Mesh Ensemble Motion Graphs - Computer .Mesh Ensemble Motion Graphs ... Figure 1: Mesh ensemble motion

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  • Mesh Ensemble Motion Graphs

    Doug L. James Christopher D. Twigg Andrew CoveCarnegie Mellon University

    Robert Y. WangMassachusetts Institute of Technology

    Figure 1: Mesh ensemble motion graph examples synthesized in real time and without nonphysical interpenetrations. All examples have several thousandcompressed degrees of freedom, and resulted from expensive thin-shell finite element simulations with robust contact handling.

    AbstractWe describe a technique for using space-time cuts to smoothly tran-sition between stochastic mesh animation clips while subject tophysical noninterpenetration constraints. These transitions are usedto construct Mesh Ensemble Motion Graphs for interactive data-driven animation of high-dimensional mesh animation datasets,such as those arising from expensive physical simulations of de-formable objects blowing in the wind (see Figure 1). We formulatethe transition computation as an integer programming problem, anduse a novel randomized algorithm to compute transitions subject tononinterpenetration constraints.

    1 Asynchronous Mesh TransitionsCompressed mesh animations are attractive for real-time hardware-accelerated playback of complex mesh deformation phenomenathat is otherwise too expensive to compute on the fly [James andTwigg 2005]. Mesh ensembles with numerous distributed meshelements, such as a garden of flowers or thousands of collidingflags driven by stochastic wind forces, provide a challenge for data-driven animation given the intrinsically high-dimensional dynamicphenomena. However, such examples are appealing candidates forinteractive data-driven animation given the high cost of simulationusing robust contact handling [Bridson et al. 2002]. Motion graphtechniques [Kovar et al. 2002; Lee et al. 2002] provide the basicabstraction for data-driven animation, yet simply splicing togethermotion clips (to loop or transition within the dataset) leads to tran-sition artifacts, since in high dimensional state spaces it is exceed-ingly rare to find close transitions, and synchronized transitions in-troduce undesirable errors with strong spatial correlation.

    To overcome these limitations, we allow asychonous transitionswhereby each mesh subgroup can transition at a different frame soas to minimize its transition error (see Figure 2). In practice this iseasily achieved by minimizing a separable objective function ()that measures the smoothness of the transition as a function of eachof the G mesh groups transition offset times, ZG. Given a tran-sition , we exploit tree-structured scene kinematics to reconstructthe scene shape during the asynchronous transition.

    Figure 2: Asynchronous transitions allow scene components to transi-tion at slightly different timesyellow indicates mesh groups undergoingtransitionsand thus avoid transition artifacts by (i) reducing total transi-tion error, and (ii) diffusing group transition errors in both space and time.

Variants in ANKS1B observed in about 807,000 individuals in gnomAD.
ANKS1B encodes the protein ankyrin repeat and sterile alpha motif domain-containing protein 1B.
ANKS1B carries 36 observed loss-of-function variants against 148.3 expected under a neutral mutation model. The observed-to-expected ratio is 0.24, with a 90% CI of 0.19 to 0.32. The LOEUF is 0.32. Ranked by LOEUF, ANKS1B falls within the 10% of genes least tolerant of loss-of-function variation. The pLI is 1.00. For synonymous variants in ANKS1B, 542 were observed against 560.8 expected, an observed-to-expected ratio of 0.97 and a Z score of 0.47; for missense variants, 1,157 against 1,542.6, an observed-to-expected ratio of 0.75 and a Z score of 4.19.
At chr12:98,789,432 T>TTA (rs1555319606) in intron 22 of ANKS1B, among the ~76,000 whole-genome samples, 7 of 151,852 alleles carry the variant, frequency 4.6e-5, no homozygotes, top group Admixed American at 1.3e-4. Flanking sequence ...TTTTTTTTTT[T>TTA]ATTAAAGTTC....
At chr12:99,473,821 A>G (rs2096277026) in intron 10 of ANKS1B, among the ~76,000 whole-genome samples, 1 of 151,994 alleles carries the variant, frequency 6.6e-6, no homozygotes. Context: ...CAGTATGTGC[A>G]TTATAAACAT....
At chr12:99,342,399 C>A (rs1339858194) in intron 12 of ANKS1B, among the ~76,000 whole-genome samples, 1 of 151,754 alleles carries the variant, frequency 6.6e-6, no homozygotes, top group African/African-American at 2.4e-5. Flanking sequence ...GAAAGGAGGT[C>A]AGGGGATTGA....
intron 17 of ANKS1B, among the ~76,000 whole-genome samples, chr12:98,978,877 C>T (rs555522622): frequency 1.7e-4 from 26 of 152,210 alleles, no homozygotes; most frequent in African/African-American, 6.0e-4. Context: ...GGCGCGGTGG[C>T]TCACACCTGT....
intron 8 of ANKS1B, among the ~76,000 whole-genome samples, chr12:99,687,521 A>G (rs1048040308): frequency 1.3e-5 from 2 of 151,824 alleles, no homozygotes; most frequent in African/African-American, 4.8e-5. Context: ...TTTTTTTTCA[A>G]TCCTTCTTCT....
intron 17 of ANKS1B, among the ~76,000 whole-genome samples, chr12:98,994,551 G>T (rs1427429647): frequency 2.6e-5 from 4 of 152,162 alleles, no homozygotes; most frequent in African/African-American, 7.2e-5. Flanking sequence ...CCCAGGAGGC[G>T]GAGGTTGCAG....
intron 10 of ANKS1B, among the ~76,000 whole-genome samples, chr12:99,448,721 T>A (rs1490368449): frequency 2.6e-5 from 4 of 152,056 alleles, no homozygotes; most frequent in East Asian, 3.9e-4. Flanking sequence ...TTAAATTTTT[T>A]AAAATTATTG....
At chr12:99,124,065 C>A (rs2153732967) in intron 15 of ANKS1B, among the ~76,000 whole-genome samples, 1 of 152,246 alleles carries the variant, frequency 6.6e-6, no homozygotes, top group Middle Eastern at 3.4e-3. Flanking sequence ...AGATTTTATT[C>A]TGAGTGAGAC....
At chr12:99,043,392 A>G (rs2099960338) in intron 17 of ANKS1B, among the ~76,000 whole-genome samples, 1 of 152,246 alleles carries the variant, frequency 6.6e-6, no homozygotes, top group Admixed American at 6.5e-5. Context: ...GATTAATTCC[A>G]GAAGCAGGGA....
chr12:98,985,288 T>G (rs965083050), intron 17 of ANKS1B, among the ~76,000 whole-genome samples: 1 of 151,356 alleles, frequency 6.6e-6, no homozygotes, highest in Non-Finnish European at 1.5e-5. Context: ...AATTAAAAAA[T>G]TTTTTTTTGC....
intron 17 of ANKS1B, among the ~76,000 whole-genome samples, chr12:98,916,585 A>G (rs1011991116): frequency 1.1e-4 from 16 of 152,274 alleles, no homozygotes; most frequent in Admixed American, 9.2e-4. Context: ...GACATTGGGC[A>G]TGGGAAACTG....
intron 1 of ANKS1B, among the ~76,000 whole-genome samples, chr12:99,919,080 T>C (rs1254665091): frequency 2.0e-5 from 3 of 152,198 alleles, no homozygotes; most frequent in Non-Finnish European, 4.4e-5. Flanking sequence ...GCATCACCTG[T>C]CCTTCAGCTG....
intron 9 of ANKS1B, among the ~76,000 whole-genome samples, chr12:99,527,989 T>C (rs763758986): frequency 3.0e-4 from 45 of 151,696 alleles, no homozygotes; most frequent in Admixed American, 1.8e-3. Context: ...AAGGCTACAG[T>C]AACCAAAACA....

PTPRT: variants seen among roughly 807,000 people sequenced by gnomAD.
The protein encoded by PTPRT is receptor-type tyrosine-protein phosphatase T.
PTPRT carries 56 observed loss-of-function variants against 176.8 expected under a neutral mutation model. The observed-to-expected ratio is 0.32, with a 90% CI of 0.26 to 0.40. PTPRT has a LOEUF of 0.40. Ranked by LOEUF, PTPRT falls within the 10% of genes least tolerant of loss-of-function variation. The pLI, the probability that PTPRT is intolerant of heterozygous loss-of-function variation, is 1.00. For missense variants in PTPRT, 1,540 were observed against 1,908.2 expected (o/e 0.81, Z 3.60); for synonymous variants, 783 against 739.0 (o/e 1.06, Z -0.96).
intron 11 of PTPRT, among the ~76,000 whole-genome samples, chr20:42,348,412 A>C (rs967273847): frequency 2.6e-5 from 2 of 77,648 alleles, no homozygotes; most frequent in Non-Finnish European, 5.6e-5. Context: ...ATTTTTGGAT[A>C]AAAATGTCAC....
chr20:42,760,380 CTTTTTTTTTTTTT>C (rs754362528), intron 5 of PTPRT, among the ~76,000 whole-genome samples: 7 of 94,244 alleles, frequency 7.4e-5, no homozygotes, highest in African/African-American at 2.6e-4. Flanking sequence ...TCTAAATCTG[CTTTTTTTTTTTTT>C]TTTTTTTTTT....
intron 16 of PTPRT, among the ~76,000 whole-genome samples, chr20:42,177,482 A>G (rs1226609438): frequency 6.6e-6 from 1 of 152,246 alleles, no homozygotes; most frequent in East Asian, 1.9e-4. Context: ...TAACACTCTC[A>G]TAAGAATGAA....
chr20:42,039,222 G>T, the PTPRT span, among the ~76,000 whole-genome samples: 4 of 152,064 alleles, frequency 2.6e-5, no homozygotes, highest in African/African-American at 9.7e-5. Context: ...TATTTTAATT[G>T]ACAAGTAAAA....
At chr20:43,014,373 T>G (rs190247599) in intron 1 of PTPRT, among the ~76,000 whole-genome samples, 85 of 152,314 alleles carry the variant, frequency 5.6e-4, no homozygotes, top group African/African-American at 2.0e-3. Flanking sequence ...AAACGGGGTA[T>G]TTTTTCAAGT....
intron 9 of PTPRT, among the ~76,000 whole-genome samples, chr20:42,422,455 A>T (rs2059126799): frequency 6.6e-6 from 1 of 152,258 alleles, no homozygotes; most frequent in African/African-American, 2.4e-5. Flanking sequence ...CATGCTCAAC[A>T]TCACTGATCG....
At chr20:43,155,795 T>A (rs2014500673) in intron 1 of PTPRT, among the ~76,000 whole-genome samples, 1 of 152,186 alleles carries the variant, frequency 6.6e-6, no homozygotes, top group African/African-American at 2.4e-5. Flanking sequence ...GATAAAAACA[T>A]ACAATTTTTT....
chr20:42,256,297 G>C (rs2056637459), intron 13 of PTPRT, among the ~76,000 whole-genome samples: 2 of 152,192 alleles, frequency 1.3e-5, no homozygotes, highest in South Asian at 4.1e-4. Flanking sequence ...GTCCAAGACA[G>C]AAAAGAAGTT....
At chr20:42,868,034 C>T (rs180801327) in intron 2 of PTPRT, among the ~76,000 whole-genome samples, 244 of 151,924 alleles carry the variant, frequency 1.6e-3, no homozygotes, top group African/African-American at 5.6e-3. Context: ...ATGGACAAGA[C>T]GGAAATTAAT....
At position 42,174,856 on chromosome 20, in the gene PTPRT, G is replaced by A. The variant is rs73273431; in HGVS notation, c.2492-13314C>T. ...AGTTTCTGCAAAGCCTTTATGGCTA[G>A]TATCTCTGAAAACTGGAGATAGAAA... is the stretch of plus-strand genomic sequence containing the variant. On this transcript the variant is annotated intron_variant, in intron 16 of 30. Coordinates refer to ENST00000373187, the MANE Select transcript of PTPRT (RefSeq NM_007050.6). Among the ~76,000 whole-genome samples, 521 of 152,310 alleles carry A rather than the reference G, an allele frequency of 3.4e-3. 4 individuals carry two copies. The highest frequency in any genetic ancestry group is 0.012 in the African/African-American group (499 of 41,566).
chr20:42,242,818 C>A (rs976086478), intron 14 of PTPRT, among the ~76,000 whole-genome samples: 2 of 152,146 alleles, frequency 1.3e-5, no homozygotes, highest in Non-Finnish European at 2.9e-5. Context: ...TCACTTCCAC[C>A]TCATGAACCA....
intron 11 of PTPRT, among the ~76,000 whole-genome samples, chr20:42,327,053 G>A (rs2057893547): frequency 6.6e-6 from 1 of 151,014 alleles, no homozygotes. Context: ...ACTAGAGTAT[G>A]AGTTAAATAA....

2 Noninterpenetration Constraint ProgrammingAlthough asynchronous mesh ensemble transitions are conceptu-ally similar to space-time cut techniques used for video-based ren-dering [Kwatra et al. 2003], mesh animations have the added com-plexity of a 3D embedding for which not all shape configurationsare feasible due to interpenetrations. Unfortunately, allowing meshgroups to transition any time they desire can lead to low-qualityanimations with substantial and unsightly interpenetration artifacts.We address this by minimizing the transition cost function for subject to geometric noninterpenetration constraints between allensemble mesh groups. We first compute the unconstrained min-imum and detect unsatisfied noninterpenetration constraints. Nextwe apply an iterative local search strategy to randomly sample com-ponents of associated with unsatisfied noninterpenetration con-straints. When the list of known interpenetration constraints hasbeen emptied, new unsatisfied constraints are computed by per-forming collision detection on randomly sampled frames from thetransition. Similar to other randomized constraint programmingtechniques [Selman et al. 1996], we either eventually find a fea-sible that eliminates all existing interpenetrations, or we time-outand investigate other transition opportunities. Deformable collisiondetection is optimized by exploiting the compressed shape repre-sentation [James and Twigg 2005], as well as sparse functionaldependencies of the noninterpenetration constraints on . Thus,in a fraction of the time required to compute the original high-quality robust-contact physically based animations, we can com-pute noninterpenetrating asynchronous transitions to build MeshEnsemble Motion Graphs for interactive animation of complexhigh-dimensional, deformation phenomena.


    BRIDSON, R., FEDKIW, R. P., AND ANDERSON, J. 2002. Robust Treatment of Colli-sions, Contact, and Friction for Cloth Animation. ACM Transactions on Graphics21, 3 (July), 594603.

    JAMES, D. L., AND TWIGG, C. D. 2005. Skinning Mesh Animations. ACM Trans-actions on Graphics 24, 3 (Aug.), 399407.

    KOVAR, L., GLEICHER, M., AND PIGHIN, F. 2002. Motion Graphs. ACM Transac-tions on Graphics 21, 3 (July), 473482.

    KWATRA, V., SCHODL, A., ESSA, I., TURK, G., AND BOBICK, A. 2003. GraphCutTextures: Image and Video Synthesis Using Graph Cuts. ACM Transactions onGraphics 22, 3 (July), 277286.

    LEE, J., CHAI, J., REITSMA, P. S. A., HODGINS, J. K., AND POLLARD, N. S.2002. Interactive Control of Avatars Animated With Human Motion Data. ACMTransactions on Graphics 21, 3 (July), 491500.

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